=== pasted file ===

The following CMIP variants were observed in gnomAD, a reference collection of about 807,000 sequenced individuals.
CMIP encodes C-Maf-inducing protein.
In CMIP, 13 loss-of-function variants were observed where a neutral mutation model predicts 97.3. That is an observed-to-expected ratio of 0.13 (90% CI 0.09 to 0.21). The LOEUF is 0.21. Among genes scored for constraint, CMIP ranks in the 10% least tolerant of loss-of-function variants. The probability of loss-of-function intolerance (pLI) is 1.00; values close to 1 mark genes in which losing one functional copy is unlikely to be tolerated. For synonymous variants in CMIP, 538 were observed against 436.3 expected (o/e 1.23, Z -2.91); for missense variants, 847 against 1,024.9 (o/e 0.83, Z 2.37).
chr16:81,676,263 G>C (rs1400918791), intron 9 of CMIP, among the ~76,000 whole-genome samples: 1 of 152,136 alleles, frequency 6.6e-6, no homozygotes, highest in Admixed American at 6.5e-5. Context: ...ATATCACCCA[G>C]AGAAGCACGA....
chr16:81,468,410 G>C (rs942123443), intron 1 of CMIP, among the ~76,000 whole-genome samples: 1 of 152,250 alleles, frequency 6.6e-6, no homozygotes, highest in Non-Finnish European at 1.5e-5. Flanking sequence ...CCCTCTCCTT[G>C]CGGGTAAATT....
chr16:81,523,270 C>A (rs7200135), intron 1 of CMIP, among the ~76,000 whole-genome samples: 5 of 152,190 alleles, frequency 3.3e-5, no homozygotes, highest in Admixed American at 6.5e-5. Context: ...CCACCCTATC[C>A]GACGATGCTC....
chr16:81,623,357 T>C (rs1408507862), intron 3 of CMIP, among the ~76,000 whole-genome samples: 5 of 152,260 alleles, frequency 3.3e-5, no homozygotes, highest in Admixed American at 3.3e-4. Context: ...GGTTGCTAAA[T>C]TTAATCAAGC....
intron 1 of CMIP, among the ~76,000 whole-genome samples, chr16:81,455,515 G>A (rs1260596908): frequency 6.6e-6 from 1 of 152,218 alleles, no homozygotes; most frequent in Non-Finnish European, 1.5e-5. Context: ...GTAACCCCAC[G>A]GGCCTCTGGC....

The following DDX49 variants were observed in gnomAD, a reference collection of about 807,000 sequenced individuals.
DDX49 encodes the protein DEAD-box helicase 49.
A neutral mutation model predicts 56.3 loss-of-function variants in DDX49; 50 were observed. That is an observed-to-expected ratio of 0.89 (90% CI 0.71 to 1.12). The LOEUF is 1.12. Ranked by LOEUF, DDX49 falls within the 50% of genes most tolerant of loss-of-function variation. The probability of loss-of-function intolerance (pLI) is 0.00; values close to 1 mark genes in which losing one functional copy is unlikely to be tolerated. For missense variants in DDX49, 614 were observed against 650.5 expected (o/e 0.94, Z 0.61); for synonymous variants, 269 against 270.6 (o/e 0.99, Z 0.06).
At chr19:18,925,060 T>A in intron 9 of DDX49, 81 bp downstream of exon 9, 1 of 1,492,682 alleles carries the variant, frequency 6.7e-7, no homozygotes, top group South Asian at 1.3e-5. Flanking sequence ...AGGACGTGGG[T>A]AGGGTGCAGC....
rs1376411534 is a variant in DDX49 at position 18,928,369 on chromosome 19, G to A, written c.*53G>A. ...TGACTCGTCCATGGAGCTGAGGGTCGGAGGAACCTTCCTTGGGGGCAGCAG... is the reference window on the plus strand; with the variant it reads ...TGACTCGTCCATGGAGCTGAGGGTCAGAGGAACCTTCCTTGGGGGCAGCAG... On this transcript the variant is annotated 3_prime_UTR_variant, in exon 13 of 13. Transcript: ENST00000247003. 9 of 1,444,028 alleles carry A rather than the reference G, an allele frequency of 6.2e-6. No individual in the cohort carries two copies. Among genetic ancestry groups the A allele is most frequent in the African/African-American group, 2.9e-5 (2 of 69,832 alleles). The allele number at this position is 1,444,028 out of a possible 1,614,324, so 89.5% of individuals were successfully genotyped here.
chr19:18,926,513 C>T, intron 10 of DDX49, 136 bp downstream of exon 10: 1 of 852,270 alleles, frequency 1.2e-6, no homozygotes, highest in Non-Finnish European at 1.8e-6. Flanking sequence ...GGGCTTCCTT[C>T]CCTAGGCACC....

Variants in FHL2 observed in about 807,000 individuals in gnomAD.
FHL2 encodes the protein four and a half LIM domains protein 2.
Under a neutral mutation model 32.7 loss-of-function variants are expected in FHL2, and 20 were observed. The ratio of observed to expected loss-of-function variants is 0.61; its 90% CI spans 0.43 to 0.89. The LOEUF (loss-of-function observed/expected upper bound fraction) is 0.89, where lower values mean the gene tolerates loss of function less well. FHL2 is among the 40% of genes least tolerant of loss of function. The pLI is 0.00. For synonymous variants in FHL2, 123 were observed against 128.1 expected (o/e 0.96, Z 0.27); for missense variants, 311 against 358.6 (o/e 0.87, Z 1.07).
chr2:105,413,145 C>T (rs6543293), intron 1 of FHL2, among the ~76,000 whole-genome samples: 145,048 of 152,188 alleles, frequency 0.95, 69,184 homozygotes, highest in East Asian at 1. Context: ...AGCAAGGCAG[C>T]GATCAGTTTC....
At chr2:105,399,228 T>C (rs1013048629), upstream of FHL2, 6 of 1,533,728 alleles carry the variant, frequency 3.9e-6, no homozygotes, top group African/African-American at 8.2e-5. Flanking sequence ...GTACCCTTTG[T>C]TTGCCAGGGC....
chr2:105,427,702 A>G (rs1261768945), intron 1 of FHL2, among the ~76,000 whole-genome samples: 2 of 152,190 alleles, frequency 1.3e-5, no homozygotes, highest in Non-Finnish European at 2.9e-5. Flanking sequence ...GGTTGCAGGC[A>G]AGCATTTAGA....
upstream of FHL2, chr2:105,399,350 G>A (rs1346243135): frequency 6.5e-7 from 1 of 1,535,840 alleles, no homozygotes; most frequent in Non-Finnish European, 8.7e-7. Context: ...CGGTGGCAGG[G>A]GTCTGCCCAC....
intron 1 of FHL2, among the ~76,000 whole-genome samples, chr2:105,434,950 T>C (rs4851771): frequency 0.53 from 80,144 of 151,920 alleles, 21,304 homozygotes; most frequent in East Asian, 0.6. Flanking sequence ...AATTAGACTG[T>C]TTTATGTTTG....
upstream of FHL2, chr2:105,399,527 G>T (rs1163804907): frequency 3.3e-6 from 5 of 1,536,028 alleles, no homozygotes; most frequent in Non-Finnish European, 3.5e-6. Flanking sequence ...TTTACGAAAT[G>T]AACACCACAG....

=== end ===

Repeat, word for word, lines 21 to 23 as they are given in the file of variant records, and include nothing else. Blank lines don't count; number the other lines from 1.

upstream of FHL2, chr2:105,399,350 G>A (rs1346243135): frequency 6.5e-7 from 1 of 1,535,840 alleles, no homozygotes; most frequent in Non-Finnish European, 8.7e-7. Context: ...CGGTGGCAGG[G>A]GTCTGCCCAC....
intron 1 of FHL2, among the ~76,000 whole-genome samples, chr2:105,434,950 T>C (rs4851771): frequency 0.53 from 80,144 of 151,920 alleles, 21,304 homozygotes; most frequent in East Asian, 0.6. Flanking sequence ...AATTAGACTG[T>C]TTTATGTTTG....
upstream of FHL2, chr2:105,399,527 G>T (rs1163804907): frequency 3.3e-6 from 5 of 1,536,028 alleles, no homozygotes; most frequent in Non-Finnish European, 3.5e-6. Flanking sequence ...TTTACGAAAT[G>T]AACACCACAG....